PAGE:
In Manwell et al. v. Durst Bros., 178 Cal. 752, 174 P. 881, 1 A.L.R. 669, the employer hired an employee to work in a strike-infested plant.Summary of this case from Mitchell v. Haskell
Sac. No. 2369. In Bank.
August 14, 1918.
APPEAL from a judgment of the Superior Court of Yuba County. E.P. McDaniel, Judge.
The facts are stated in the opinion of the court.
F.H. Dam, for Appellants.
W.H. Carlin, for Respondents.
This action is by the surviving wife and children of Edmund T. Manwell, deceased, to recover from the defendants the sum of one hundred and fifty thousand dollars damages alleged to have accrued to plaintiffs from the death of said Manwell, the claim being that the complaint shows that such death was caused by the negligence of defendants. The lower court sustained a demurrer, which was interposed, with leave to plaintiffs to amend. Plaintiffs having failed to file an amended complaint within the time allowed therefor, judgment of dismissal was entered. We have here an appeal by plaintiffs from that judgment.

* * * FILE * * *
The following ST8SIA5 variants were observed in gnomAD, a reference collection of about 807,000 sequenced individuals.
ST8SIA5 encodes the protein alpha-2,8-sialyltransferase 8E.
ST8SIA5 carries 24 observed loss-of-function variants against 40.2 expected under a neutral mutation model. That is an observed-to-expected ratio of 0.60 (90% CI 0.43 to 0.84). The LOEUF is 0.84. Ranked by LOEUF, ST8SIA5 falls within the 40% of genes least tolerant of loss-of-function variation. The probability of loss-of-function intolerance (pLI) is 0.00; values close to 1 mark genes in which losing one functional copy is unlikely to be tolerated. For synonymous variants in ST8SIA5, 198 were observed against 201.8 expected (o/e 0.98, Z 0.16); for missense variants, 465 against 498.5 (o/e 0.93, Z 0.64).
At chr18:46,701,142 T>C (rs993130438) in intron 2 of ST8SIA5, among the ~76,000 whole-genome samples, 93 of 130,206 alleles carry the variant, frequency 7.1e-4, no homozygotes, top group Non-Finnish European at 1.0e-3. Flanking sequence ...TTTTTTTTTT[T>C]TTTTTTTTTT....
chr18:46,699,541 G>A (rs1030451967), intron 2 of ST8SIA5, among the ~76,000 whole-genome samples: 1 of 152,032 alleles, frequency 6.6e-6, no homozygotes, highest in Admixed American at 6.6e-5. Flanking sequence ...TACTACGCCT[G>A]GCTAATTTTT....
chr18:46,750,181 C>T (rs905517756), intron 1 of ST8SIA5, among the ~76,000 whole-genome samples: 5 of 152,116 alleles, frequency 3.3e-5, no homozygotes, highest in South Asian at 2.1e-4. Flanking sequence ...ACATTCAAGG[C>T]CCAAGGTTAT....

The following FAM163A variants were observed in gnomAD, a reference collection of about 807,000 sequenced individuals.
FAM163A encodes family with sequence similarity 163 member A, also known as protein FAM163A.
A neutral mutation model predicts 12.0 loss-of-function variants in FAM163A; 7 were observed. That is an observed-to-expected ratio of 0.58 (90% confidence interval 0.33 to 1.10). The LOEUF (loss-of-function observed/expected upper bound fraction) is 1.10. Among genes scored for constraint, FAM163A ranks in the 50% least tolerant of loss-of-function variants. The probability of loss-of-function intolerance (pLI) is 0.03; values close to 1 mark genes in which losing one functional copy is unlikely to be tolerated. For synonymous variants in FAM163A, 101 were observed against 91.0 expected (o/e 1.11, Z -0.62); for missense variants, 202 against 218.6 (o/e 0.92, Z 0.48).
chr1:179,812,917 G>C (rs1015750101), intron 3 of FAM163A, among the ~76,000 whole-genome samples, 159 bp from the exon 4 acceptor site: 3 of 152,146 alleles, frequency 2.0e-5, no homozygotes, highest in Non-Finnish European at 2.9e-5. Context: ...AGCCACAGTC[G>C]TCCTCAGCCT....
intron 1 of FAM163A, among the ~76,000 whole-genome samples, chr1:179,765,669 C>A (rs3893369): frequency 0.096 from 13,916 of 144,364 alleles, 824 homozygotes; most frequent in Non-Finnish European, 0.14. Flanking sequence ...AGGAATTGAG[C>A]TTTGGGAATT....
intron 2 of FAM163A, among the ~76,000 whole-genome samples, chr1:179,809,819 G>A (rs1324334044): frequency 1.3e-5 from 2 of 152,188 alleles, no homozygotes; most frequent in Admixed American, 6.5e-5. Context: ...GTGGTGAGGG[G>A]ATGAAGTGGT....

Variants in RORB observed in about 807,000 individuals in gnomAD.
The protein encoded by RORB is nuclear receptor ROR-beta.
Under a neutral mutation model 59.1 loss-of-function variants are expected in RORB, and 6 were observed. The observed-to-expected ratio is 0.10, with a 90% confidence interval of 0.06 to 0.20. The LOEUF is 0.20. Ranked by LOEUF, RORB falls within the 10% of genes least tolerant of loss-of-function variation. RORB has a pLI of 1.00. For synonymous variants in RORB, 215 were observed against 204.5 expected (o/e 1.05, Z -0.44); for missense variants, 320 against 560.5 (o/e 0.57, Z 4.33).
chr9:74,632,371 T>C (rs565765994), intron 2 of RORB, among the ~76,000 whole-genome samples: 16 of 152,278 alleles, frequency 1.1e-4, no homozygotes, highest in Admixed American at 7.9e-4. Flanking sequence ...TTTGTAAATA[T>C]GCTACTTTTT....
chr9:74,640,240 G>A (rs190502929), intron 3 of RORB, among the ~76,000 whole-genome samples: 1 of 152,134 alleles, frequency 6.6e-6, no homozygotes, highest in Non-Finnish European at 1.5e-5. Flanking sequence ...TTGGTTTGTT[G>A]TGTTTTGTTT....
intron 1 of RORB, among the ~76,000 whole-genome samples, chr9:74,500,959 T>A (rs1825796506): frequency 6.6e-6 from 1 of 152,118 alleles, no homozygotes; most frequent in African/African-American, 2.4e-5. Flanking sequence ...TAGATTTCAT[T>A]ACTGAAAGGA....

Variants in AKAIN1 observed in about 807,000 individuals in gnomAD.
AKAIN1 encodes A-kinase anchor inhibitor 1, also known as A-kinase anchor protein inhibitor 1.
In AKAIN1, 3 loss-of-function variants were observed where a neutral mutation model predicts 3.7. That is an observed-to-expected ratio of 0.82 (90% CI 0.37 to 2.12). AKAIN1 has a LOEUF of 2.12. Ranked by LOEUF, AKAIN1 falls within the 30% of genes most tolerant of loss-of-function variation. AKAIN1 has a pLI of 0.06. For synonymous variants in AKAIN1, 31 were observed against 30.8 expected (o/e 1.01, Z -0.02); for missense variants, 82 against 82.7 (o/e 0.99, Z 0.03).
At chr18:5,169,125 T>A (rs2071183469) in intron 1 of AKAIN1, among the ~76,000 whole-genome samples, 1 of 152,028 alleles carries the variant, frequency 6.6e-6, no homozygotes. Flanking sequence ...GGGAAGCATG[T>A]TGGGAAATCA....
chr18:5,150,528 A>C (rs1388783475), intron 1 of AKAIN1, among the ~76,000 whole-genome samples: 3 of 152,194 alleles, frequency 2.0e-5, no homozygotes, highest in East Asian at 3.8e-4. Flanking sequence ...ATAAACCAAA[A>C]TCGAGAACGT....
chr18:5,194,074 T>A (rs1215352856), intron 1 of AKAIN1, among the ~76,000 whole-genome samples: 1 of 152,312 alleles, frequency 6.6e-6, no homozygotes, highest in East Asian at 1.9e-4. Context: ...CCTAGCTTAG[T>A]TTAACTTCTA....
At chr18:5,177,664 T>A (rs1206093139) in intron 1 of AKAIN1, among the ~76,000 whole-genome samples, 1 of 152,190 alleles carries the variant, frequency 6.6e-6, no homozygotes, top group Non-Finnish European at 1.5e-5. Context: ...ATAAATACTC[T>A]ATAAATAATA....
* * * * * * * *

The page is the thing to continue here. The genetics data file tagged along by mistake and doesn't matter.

It is claimed that the complaint fails to state a cause of action in that it fails to allege any negligence on the part of defendants proximately contributing to the death of Mr. Manwell. Of course, allegation of such negligence was essential to the statement of a cause of action. The complaint is not assisted in this respect by the general allegation contained in paragraph V that "the death of said Edmund T. Manwell, on said third day of August, 1913, was caused by the gross negligence of the defendants." While it is true under the rule in force in this state and in most jurisdictions that negligence may be charged in general terms, that rule simply means, as has been stated many times, that "what was done being stated, it is sufficient to say it was negligently done, without stating the particular omission which rendered the act negligent." (See Stein v. United Railroads, 159 Cal. 370, [ 113 P. 663]; Smith v. Buttner, 90 Cal. 99, [27 P. 29].) And it must appear from the facts averred that the negligence caused or contributed to the injury. ( Smith v. Buttner, supra.) The cases cited by counsel for appellants fully illustrate the meaning and application of this rule. What was done, with the charge that the same caused or contributed to the injury, must be alleged, but to show that there was negligence in what was done, which is likewise essential, it is sufficient to allege that it was negligently done, without stating more particularly what the matters constituting such negligence were. As said in Stephenson v. Southern Pacific Co., 102 Cal. 147, [34 P. 620, 36 P. 407]: "Negligence is not the act itself, but the fact which defines the character of the act, and makes it a legal wrong." (Italics ours.) No rule of which we have knowledge warrants a conclusion that this allegation assists the complaint in the slightest degree. This was apparently recognized by the pleader, for the allegation is immediately followed by the language, viz.: "And more particularly in the manner and form and under the circumstances hereinafter stated," and this is followed in paragraphs 6, 7, and 8 by the allegations upon which plaintiffs must rely for a showing of negligence.